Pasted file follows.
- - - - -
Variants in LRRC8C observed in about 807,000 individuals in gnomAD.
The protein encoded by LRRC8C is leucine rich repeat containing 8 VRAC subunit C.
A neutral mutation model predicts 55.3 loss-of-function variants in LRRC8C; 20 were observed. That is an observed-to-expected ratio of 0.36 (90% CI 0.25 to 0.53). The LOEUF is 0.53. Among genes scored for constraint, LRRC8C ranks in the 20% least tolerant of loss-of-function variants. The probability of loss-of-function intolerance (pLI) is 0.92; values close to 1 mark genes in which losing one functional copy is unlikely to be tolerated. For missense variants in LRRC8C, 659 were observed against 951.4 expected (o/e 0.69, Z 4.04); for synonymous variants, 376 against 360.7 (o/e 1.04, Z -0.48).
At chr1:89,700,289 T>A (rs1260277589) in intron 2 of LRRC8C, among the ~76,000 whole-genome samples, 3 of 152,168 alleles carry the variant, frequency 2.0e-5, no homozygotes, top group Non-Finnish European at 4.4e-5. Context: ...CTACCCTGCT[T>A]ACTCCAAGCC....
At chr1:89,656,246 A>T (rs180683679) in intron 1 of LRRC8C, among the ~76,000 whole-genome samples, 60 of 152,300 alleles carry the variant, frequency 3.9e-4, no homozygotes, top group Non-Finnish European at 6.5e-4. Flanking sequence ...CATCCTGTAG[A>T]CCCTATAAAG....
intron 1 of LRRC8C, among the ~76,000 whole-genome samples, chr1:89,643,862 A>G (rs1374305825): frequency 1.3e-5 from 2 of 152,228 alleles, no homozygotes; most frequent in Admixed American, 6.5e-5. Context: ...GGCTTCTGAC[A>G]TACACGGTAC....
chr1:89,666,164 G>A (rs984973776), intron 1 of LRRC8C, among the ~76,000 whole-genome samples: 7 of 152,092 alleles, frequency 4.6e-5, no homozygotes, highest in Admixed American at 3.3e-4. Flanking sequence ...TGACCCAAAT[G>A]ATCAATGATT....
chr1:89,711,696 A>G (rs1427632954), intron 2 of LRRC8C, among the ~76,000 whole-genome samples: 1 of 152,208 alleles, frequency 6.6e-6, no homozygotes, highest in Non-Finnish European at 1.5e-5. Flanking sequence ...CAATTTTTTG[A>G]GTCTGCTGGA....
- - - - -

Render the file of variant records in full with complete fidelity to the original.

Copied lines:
Variants in LRRC8C observed in about 807,000 individuals in gnomAD.
The protein encoded by LRRC8C is leucine rich repeat containing 8 VRAC subunit C.
A neutral mutation model predicts 55.3 loss-of-function variants in LRRC8C; 20 were observed. That is an observed-to-expected ratio of 0.36 (90% CI 0.25 to 0.53). The LOEUF is 0.53. Among genes scored for constraint, LRRC8C ranks in the 20% least tolerant of loss-of-function variants. The probability of loss-of-function intolerance (pLI) is 0.92; values close to 1 mark genes in which losing one functional copy is unlikely to be tolerated. For missense variants in LRRC8C, 659 were observed against 951.4 expected (o/e 0.69, Z 4.04); for synonymous variants, 376 against 360.7 (o/e 1.04, Z -0.48).
At chr1:89,700,289 T>A (rs1260277589) in intron 2 of LRRC8C, among the ~76,000 whole-genome samples, 3 of 152,168 alleles carry the variant, frequency 2.0e-5, no homozygotes, top group Non-Finnish European at 4.4e-5. Context: ...CTACCCTGCT[T>A]ACTCCAAGCC....
At chr1:89,656,246 A>T (rs180683679) in intron 1 of LRRC8C, among the ~76,000 whole-genome samples, 60 of 152,300 alleles carry the variant, frequency 3.9e-4, no homozygotes, top group Non-Finnish European at 6.5e-4. Flanking sequence ...CATCCTGTAG[A>T]CCCTATAAAG....
intron 1 of LRRC8C, among the ~76,000 whole-genome samples, chr1:89,643,862 A>G (rs1374305825): frequency 1.3e-5 from 2 of 152,228 alleles, no homozygotes; most frequent in Admixed American, 6.5e-5. Context: ...GGCTTCTGAC[A>G]TACACGGTAC....
chr1:89,666,164 G>A (rs984973776), intron 1 of LRRC8C, among the ~76,000 whole-genome samples: 7 of 152,092 alleles, frequency 4.6e-5, no homozygotes, highest in Admixed American at 3.3e-4. Flanking sequence ...TGACCCAAAT[G>A]ATCAATGATT....
chr1:89,711,696 A>G (rs1427632954), intron 2 of LRRC8C, among the ~76,000 whole-genome samples: 1 of 152,208 alleles, frequency 6.6e-6, no homozygotes, highest in Non-Finnish European at 1.5e-5. Flanking sequence ...CAATTTTTTG[A>G]GTCTGCTGGA....